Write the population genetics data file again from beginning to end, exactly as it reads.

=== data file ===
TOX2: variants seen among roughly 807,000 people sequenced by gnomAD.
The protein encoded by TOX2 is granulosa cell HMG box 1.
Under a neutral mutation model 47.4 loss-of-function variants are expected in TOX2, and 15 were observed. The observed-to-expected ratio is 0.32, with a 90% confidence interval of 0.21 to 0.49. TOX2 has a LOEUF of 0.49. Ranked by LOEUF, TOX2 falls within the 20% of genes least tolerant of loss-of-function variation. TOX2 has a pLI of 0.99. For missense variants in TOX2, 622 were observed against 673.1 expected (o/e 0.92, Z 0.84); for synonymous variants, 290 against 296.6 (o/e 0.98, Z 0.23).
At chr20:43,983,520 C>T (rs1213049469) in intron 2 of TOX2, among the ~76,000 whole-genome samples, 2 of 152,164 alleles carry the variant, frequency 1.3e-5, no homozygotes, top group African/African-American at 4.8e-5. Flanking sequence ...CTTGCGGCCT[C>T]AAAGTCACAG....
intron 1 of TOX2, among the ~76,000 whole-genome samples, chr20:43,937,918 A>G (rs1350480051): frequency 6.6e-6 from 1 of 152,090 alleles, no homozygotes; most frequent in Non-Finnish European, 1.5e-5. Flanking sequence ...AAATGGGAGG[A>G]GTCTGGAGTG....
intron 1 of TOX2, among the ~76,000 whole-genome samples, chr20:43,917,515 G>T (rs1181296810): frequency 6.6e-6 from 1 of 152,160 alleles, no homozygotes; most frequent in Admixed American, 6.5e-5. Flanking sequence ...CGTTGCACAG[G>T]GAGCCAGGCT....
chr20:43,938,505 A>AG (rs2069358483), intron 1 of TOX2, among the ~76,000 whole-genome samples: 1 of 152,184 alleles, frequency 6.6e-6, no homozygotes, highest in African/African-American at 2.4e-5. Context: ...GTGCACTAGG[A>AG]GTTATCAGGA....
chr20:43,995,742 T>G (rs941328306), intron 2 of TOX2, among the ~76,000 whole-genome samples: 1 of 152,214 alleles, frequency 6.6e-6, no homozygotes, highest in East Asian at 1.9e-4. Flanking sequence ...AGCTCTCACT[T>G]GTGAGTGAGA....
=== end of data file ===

TOX2: variants seen among roughly 807,000 people sequenced by gnomAD.
The protein encoded by TOX2 is granulosa cell HMG box 1.
Under a neutral mutation model 47.4 loss-of-function variants are expected in TOX2, and 15 were observed. The observed-to-expected ratio is 0.32, with a 90% confidence interval of 0.21 to 0.49. TOX2 has a LOEUF of 0.49. Ranked by LOEUF, TOX2 falls within the 20% of genes least tolerant of loss-of-function variation. TOX2 has a pLI of 0.99. For missense variants in TOX2, 622 were observed against 673.1 expected (o/e 0.92, Z 0.84); for synonymous variants, 290 against 296.6 (o/e 0.98, Z 0.23).
At chr20:43,983,520 C>T (rs1213049469) in intron 2 of TOX2, among the ~76,000 whole-genome samples, 2 of 152,164 alleles carry the variant, frequency 1.3e-5, no homozygotes, top group African/African-American at 4.8e-5. Flanking sequence ...CTTGCGGCCT[C>T]AAAGTCACAG....
intron 1 of TOX2, among the ~76,000 whole-genome samples, chr20:43,937,918 A>G (rs1350480051): frequency 6.6e-6 from 1 of 152,090 alleles, no homozygotes; most frequent in Non-Finnish European, 1.5e-5. Flanking sequence ...AAATGGGAGG[A>G]GTCTGGAGTG....
intron 1 of TOX2, among the ~76,000 whole-genome samples, chr20:43,917,515 G>T (rs1181296810): frequency 6.6e-6 from 1 of 152,160 alleles, no homozygotes; most frequent in Admixed American, 6.5e-5. Flanking sequence ...CGTTGCACAG[G>T]GAGCCAGGCT....
chr20:43,938,505 A>AG (rs2069358483), intron 1 of TOX2, among the ~76,000 whole-genome samples: 1 of 152,184 alleles, frequency 6.6e-6, no homozygotes, highest in African/African-American at 2.4e-5. Context: ...GTGCACTAGG[A>AG]GTTATCAGGA....
chr20:43,995,742 T>G (rs941328306), intron 2 of TOX2, among the ~76,000 whole-genome samples: 1 of 152,214 alleles, frequency 6.6e-6, no homozygotes, highest in East Asian at 1.9e-4. Flanking sequence ...AGCTCTCACT[T>G]GTGAGTGAGA....